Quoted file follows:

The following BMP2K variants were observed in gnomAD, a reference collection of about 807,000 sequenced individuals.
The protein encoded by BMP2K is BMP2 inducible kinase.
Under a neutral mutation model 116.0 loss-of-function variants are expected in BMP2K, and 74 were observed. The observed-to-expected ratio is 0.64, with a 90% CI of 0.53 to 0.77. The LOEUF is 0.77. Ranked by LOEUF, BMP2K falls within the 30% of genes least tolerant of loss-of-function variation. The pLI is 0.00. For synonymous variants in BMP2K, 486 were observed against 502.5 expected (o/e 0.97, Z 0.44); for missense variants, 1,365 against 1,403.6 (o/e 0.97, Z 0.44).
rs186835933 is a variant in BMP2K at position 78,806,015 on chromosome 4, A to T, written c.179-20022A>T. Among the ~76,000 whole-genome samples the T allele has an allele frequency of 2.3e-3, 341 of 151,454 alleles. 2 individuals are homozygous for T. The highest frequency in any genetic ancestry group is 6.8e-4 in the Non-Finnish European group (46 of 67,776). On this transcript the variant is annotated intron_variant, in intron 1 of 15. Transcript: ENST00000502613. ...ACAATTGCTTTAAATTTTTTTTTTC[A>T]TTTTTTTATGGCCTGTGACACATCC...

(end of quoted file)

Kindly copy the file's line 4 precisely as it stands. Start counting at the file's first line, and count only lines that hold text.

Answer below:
rs186835933 is a variant in BMP2K at position 78,806,015 on chromosome 4, A to T, written c.179-20022A>T. Among the ~76,000 whole-genome samples the T allele has an allele frequency of 2.3e-3, 341 of 151,454 alleles. 2 individuals are homozygous for T. The highest frequency in any genetic ancestry group is 6.8e-4 in the Non-Finnish European group (46 of 67,776). On this transcript the variant is annotated intron_variant, in intron 1 of 15. Transcript: ENST00000502613. ...ACAATTGCTTTAAATTTTTTTTTTC[A>T]TTTTTTTATGGCCTGTGACACATCC...